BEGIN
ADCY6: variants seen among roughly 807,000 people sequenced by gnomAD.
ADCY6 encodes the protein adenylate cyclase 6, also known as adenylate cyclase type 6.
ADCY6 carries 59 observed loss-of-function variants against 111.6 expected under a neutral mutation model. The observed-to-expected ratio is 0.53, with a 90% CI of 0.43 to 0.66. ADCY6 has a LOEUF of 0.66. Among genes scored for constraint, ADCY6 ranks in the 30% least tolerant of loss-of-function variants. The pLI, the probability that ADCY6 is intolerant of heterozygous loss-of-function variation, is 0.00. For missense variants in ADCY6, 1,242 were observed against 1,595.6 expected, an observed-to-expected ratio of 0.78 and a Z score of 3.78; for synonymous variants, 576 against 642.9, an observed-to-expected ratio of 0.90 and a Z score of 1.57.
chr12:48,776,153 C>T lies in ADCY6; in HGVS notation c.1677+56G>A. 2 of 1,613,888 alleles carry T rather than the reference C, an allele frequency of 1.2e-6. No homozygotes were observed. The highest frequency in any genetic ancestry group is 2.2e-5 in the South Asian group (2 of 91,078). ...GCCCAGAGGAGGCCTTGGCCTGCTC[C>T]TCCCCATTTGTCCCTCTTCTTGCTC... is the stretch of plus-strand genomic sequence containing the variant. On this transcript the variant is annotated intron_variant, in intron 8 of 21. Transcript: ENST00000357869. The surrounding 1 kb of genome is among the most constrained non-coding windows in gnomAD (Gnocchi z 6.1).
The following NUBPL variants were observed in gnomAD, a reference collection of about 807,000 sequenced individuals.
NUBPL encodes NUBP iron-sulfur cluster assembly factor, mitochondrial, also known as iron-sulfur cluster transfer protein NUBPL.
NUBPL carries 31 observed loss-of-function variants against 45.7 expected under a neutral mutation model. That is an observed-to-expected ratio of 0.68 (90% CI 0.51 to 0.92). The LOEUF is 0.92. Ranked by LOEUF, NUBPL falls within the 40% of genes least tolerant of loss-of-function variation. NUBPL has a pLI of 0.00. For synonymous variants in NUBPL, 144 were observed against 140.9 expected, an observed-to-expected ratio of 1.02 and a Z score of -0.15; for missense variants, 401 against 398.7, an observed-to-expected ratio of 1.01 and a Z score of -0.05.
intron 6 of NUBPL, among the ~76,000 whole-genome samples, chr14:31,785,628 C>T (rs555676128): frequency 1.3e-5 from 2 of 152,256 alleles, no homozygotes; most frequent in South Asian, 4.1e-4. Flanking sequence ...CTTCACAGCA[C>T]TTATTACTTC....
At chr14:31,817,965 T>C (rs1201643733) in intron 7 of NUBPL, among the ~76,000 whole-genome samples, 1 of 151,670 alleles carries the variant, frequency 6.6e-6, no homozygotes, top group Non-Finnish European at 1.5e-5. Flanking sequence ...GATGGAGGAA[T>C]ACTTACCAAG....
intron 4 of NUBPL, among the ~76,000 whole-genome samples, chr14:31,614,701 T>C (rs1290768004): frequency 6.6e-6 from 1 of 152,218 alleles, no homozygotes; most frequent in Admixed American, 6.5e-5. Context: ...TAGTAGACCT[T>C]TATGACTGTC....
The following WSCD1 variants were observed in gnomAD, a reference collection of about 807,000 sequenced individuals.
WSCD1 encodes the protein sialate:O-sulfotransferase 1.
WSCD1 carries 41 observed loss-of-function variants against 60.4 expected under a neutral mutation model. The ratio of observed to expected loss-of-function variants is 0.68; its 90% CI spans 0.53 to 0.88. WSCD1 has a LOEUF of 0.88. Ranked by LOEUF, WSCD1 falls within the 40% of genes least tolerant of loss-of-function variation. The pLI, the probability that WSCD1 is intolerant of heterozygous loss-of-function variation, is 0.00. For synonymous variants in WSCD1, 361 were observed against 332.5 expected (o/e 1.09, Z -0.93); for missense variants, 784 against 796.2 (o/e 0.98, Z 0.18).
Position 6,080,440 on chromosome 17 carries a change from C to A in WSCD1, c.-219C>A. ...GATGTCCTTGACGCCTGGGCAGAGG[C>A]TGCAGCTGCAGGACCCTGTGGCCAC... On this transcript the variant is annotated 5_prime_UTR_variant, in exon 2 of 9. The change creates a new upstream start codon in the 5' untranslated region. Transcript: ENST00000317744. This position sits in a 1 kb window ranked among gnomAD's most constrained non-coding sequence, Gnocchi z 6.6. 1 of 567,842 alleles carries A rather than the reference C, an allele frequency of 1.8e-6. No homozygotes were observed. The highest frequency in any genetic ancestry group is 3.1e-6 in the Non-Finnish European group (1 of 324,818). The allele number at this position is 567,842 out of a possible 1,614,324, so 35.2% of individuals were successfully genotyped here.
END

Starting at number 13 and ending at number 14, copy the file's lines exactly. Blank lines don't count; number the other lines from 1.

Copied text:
WSCD1 carries 41 observed loss-of-function variants against 60.4 expected under a neutral mutation model. The ratio of observed to expected loss-of-function variants is 0.68; its 90% CI spans 0.53 to 0.88. WSCD1 has a LOEUF of 0.88. Ranked by LOEUF, WSCD1 falls within the 40% of genes least tolerant of loss-of-function variation. The pLI, the probability that WSCD1 is intolerant of heterozygous loss-of-function variation, is 0.00. For synonymous variants in WSCD1, 361 were observed against 332.5 expected (o/e 1.09, Z -0.93); for missense variants, 784 against 796.2 (o/e 0.98, Z 0.18).
Position 6,080,440 on chromosome 17 carries a change from C to A in WSCD1, c.-219C>A. ...GATGTCCTTGACGCCTGGGCAGAGG[C>A]TGCAGCTGCAGGACCCTGTGGCCAC... On this transcript the variant is annotated 5_prime_UTR_variant, in exon 2 of 9. The change creates a new upstream start codon in the 5' untranslated region. Transcript: ENST00000317744. This position sits in a 1 kb window ranked among gnomAD's most constrained non-coding sequence, Gnocchi z 6.6. 1 of 567,842 alleles carries A rather than the reference C, an allele frequency of 1.8e-6. No homozygotes were observed. The highest frequency in any genetic ancestry group is 3.1e-6 in the Non-Finnish European group (1 of 324,818). The allele number at this position is 567,842 out of a possible 1,614,324, so 35.2% of individuals were successfully genotyped here.